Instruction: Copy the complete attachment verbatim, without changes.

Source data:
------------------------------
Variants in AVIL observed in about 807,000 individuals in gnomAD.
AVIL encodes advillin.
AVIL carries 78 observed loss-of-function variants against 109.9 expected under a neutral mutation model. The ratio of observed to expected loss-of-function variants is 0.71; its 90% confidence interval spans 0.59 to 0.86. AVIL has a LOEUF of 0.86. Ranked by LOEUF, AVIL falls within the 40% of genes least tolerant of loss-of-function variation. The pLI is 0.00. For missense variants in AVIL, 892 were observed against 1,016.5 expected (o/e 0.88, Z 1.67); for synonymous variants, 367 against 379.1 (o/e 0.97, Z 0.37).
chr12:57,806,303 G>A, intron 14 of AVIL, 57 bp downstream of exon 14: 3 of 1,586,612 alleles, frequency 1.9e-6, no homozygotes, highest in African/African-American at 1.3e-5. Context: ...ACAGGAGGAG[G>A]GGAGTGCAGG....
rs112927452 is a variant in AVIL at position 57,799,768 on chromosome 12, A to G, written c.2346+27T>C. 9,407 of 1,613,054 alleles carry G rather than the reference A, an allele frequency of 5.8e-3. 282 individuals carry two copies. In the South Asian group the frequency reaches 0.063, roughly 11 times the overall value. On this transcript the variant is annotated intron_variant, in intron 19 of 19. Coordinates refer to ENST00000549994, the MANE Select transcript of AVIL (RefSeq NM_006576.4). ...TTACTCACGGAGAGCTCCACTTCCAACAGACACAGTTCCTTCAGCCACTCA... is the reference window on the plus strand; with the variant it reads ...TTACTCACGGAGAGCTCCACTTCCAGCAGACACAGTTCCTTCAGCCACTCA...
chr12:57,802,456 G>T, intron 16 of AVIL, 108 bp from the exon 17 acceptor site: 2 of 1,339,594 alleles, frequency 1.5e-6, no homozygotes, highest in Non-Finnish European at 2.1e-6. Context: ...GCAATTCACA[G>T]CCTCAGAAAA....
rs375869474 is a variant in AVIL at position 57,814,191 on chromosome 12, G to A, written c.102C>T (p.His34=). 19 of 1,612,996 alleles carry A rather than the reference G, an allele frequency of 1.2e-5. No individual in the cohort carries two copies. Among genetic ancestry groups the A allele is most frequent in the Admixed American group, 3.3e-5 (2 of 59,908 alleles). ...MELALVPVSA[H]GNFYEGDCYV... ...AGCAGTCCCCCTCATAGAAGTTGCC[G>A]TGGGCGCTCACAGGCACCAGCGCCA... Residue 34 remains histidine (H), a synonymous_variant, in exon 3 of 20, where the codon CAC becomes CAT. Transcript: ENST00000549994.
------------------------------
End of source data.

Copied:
Variants in AVIL observed in about 807,000 individuals in gnomAD.
AVIL encodes advillin.
AVIL carries 78 observed loss-of-function variants against 109.9 expected under a neutral mutation model. The ratio of observed to expected loss-of-function variants is 0.71; its 90% confidence interval spans 0.59 to 0.86. AVIL has a LOEUF of 0.86. Ranked by LOEUF, AVIL falls within the 40% of genes least tolerant of loss-of-function variation. The pLI is 0.00. For missense variants in AVIL, 892 were observed against 1,016.5 expected (o/e 0.88, Z 1.67); for synonymous variants, 367 against 379.1 (o/e 0.97, Z 0.37).
chr12:57,806,303 G>A, intron 14 of AVIL, 57 bp downstream of exon 14: 3 of 1,586,612 alleles, frequency 1.9e-6, no homozygotes, highest in African/African-American at 1.3e-5. Context: ...ACAGGAGGAG[G>A]GGAGTGCAGG....
rs112927452 is a variant in AVIL at position 57,799,768 on chromosome 12, A to G, written c.2346+27T>C. 9,407 of 1,613,054 alleles carry G rather than the reference A, an allele frequency of 5.8e-3. 282 individuals carry two copies. In the South Asian group the frequency reaches 0.063, roughly 11 times the overall value. On this transcript the variant is annotated intron_variant, in intron 19 of 19. Coordinates refer to ENST00000549994, the MANE Select transcript of AVIL (RefSeq NM_006576.4). ...TTACTCACGGAGAGCTCCACTTCCAACAGACACAGTTCCTTCAGCCACTCA... is the reference window on the plus strand; with the variant it reads ...TTACTCACGGAGAGCTCCACTTCCAGCAGACACAGTTCCTTCAGCCACTCA...
chr12:57,802,456 G>T, intron 16 of AVIL, 108 bp from the exon 17 acceptor site: 2 of 1,339,594 alleles, frequency 1.5e-6, no homozygotes, highest in Non-Finnish European at 2.1e-6. Context: ...GCAATTCACA[G>T]CCTCAGAAAA....
rs375869474 is a variant in AVIL at position 57,814,191 on chromosome 12, G to A, written c.102C>T (p.His34=). 19 of 1,612,996 alleles carry A rather than the reference G, an allele frequency of 1.2e-5. No individual in the cohort carries two copies. Among genetic ancestry groups the A allele is most frequent in the Admixed American group, 3.3e-5 (2 of 59,908 alleles). ...MELALVPVSA[H]GNFYEGDCYV... ...AGCAGTCCCCCTCATAGAAGTTGCC[G>A]TGGGCGCTCACAGGCACCAGCGCCA... Residue 34 remains histidine (H), a synonymous_variant, in exon 3 of 20, where the codon CAC becomes CAT. Transcript: ENST00000549994.